package Catalyst::Response;

use Moose;
use HTTP::Headers;
use Moose::Util::TypeConstraints;
use Scalar::Util 'blessed';
use Catalyst::Response::Writer;
use Catalyst::Utils ();

use namespace::clean -except => ['meta'];

with 'MooseX::Emulate::Class::Accessor::Fast';

our $DEFAULT_ENCODE_CONTENT_TYPE_MATCH = qr{text|xml$|javascript$};

has encodable_content_type => (
    is => 'rw',
    required => 1,

has _response_cb => (
    is      => 'ro',
    isa     => 'CodeRef',
    writer  => '_set_response_cb',
    clearer => '_clear_response_cb',
    predicate => '_has_response_cb',

subtype 'Catalyst::Engine::Types::Writer',
    as duck_type([qw(write close)]);

has _writer => (
    is      => 'ro',
    isa     => 'Catalyst::Engine::Types::Writer', #Pointless since we control how this is built
    #writer  => '_set_writer', Now that its lazy I think this is safe to remove
    clearer => '_clear_writer',
    predicate => '_has_writer',
    lazy      => 1,
    builder => '_build_writer',

sub _build_writer {
    my $self = shift;

    ## These two lines are probably crap now...
    $self->_context->finalize_headers unless

    my @headers;
    $self->headers->scan(sub { push @headers, @_ });

    my $writer = $self->_response_cb->([ $self->status, \@headers ]);

    return $writer;

has write_fh => (

sub _build_write_fh {
  my $writer = $_[0]->_writer; # We need to get the finalize headers side effect...
  my $requires_encoding = $_[0]->encodable_response;
  my %fields = (
    _writer => $writer,
    _context => $_[0]->_context,
    _requires_encoding => $requires_encoding,

  return bless \%fields, 'Catalyst::Response::Writer';

  my $self = shift;
  return if $self->_has_write_fh;
  if($self->_has_writer) {

has cookies   => (is => 'rw', default => sub { {} });
has body      => (is => 'rw', default => undef);
sub has_body { defined($_[0]->body) }

has location  => (is => 'rw');
has status    => (is => 'rw', default => 200);
has finalized_headers => (is => 'rw', default => 0);
has headers   => (
  is      => 'rw',
  isa => 'HTTP::Headers',
  handles => [qw(content_encoding content_length content_type content_type_charset header)],
  default => sub { HTTP::Headers->new() },
  required => 1,
  lazy => 1,
has _context => (
  is => 'rw',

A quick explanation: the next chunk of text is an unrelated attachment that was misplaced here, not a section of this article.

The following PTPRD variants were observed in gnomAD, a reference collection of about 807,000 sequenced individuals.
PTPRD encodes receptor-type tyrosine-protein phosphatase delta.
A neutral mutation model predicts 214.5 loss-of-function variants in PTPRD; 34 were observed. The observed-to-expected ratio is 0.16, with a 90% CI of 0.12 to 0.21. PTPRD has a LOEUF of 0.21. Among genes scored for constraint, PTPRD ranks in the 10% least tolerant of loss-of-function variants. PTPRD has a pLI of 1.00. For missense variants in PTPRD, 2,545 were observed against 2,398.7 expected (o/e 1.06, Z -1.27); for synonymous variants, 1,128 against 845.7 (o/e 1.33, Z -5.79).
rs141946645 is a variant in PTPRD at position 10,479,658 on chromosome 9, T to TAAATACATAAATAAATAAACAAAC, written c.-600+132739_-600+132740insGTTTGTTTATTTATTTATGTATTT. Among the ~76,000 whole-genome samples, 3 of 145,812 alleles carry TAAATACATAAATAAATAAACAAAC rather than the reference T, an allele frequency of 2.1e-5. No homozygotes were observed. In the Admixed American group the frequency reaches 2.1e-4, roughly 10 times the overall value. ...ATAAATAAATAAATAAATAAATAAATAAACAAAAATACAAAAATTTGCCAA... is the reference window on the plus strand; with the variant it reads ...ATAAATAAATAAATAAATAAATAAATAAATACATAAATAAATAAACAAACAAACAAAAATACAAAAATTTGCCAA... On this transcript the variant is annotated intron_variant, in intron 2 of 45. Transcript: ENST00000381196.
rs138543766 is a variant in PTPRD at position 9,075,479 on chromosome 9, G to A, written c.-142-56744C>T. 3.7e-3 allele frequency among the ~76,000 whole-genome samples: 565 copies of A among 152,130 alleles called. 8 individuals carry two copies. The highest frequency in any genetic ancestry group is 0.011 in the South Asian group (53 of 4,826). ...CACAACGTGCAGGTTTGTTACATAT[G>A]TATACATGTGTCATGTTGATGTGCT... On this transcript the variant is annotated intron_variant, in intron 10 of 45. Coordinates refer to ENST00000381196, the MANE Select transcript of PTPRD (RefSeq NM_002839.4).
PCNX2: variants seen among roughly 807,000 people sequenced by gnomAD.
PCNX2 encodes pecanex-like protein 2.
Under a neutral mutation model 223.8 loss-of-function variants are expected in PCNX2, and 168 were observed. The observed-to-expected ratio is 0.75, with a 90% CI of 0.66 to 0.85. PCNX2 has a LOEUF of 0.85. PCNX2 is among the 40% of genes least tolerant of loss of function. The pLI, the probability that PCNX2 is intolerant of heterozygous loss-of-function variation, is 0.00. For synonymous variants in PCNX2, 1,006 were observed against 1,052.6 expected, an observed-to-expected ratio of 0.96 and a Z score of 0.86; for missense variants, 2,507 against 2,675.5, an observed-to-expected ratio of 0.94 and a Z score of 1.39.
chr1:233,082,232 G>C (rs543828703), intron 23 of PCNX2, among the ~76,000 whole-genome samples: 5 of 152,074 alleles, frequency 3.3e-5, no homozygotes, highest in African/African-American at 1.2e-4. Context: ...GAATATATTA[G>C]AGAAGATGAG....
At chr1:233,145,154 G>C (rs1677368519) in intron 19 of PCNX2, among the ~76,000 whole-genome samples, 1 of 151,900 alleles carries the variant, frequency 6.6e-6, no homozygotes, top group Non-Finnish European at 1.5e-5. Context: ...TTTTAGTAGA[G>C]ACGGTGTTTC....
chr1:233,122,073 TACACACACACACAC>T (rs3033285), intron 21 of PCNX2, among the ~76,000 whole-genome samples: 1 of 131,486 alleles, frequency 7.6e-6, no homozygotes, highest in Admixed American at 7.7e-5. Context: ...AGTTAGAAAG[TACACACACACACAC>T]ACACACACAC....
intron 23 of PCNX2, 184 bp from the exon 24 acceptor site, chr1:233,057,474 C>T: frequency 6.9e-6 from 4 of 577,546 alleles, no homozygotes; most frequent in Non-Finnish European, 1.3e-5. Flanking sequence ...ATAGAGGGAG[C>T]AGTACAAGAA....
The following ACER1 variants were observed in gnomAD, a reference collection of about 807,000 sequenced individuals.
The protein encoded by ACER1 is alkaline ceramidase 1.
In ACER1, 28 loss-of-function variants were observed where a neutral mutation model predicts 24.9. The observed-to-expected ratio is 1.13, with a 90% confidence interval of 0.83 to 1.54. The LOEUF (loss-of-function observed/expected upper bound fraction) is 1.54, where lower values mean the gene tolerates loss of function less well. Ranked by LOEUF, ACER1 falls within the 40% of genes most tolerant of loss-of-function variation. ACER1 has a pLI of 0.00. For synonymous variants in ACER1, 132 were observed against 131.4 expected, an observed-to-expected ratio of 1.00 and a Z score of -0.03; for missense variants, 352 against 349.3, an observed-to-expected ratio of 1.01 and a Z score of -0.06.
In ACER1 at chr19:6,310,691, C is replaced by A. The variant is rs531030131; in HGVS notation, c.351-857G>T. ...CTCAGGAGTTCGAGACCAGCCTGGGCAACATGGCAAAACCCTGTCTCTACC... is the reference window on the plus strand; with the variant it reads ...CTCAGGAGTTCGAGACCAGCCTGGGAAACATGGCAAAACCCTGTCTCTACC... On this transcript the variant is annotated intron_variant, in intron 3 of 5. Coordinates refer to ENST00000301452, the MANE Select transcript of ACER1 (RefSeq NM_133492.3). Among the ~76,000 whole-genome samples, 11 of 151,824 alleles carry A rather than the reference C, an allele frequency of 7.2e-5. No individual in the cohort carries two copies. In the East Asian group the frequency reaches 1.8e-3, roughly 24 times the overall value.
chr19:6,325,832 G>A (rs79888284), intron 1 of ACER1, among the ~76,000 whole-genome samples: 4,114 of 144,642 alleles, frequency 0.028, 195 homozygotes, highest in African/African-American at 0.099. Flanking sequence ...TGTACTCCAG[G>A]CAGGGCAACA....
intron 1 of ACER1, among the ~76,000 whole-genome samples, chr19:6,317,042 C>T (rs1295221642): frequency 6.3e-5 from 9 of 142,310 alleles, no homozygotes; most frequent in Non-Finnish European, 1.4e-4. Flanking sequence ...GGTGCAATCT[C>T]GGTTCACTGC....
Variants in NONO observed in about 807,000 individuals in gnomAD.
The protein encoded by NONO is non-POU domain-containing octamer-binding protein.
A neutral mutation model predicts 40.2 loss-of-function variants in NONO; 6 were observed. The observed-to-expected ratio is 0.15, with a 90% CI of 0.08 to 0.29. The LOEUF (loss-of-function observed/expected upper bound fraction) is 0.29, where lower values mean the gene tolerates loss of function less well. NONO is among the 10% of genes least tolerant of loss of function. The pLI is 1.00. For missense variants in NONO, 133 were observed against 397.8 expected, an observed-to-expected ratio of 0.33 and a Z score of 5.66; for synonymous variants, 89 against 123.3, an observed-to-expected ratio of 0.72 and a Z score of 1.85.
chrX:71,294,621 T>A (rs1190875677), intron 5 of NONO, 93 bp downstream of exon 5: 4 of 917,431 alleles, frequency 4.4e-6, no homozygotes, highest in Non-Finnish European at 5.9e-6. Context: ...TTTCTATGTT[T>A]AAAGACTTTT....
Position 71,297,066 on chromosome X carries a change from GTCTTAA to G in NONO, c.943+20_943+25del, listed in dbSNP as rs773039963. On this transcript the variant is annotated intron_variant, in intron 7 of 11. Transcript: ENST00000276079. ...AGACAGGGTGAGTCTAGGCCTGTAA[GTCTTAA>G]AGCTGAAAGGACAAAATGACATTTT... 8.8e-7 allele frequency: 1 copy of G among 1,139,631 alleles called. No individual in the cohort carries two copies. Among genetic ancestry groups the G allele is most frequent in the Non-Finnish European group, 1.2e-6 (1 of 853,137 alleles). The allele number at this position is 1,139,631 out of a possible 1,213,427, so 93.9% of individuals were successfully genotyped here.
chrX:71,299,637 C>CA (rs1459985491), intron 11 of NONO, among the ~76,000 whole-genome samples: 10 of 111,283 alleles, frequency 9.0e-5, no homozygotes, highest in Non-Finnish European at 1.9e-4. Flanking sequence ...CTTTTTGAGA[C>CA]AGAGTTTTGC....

weak_ref => 1,
  clearer => '_clear_context',

before [qw(status headers content_encoding content_length content_type )] => sub {
  my $self = shift;

    "Useless setting a header value after finalize_headers and the response callback has been called." .
    " Since we don't support tail headers this will not work as you might expect." )
      if ( $self->_context && $self->finalized_headers && !$self->_has_response_cb && @_ );

# This has to be different since the first param to ->header is the header name and presumably
# you should be able to request the header even after finalization, just not try to change it.
before 'header' => sub {
  my $self = shift;
  my $header = shift;

    "Useless setting a header value after finalize_headers and the response callback has been called." .
    " Since we don't support tail headers this will not work as you might expect." )
      if ( $self->_context && $self->finalized_headers && !$self->_has_response_cb && @_ );

sub output { shift->body(@_) }

sub code   { shift->status(@_) }

sub write {
    my ( $self, $buffer ) = @_;

    # Finalize headers if someone manually writes output
    $self->_context->finalize_headers unless $self->finalized_headers;

    $buffer = q[] unless defined $buffer;

    if($self->encodable_response) {
      $buffer = $self->_context->encoding->encode( $buffer, $self->_context->_encode_check )

    my $len = length($buffer);

    return $len;

sub unencoded_write {
    my ( $self, $buffer ) = @_;

    # Finalize headers if someone manually writes output
    $self->_context->finalize_headers unless $self->finalized_headers;

    $buffer = q[] unless defined $buffer;

    my $len = length($buffer);

    return $len;

sub finalize_headers {
    my ($self) = @_;

sub from_psgi_response {
    my ($self, $psgi_res) = @_;
    if(blessed($psgi_res) && $psgi_res->can('as_psgi')) {
      $psgi_res = $psgi_res->as_psgi;
    if(ref $psgi_res eq 'ARRAY') {
        my ($status, $headers, $body) = @$psgi_res;
        # Can be arrayref or filehandle...
        if(defined $body) { # probably paranoia
          ref $body eq 'ARRAY' ? $self->body(join('', @$body)) : $self->body($body);
    } elsif(ref $psgi_res eq 'CODE') {

        # Its not clear to me this is correct.  Right now if the PSGI application wants
        # to stream, we stream immediately and then completely bypass the rest of the
        # Catalyst finalization process (unlike if the PSGI app sets an arrayref).  Part of
        # me thinks we should override the current _response_cb and then let finalize_body
        # call that.  I'm not sure the downside of bypassing those bits.  I'm going to leave
        # this be for now and document the behavior.

        $psgi_res->(sub {
            my $response = shift;
            my ($status, $headers, $maybe_body) = @$response;
            if(defined $maybe_body) {
                # Can be arrayref or filehandle...
                ref $maybe_body eq 'ARRAY' ? $self->body(join('', @$maybe_body)) : $self->body($maybe_body);
            } else {
                return $self->write_fh;
     } else {
        die "You can't set a Catalyst response from that, expect a valid PSGI response";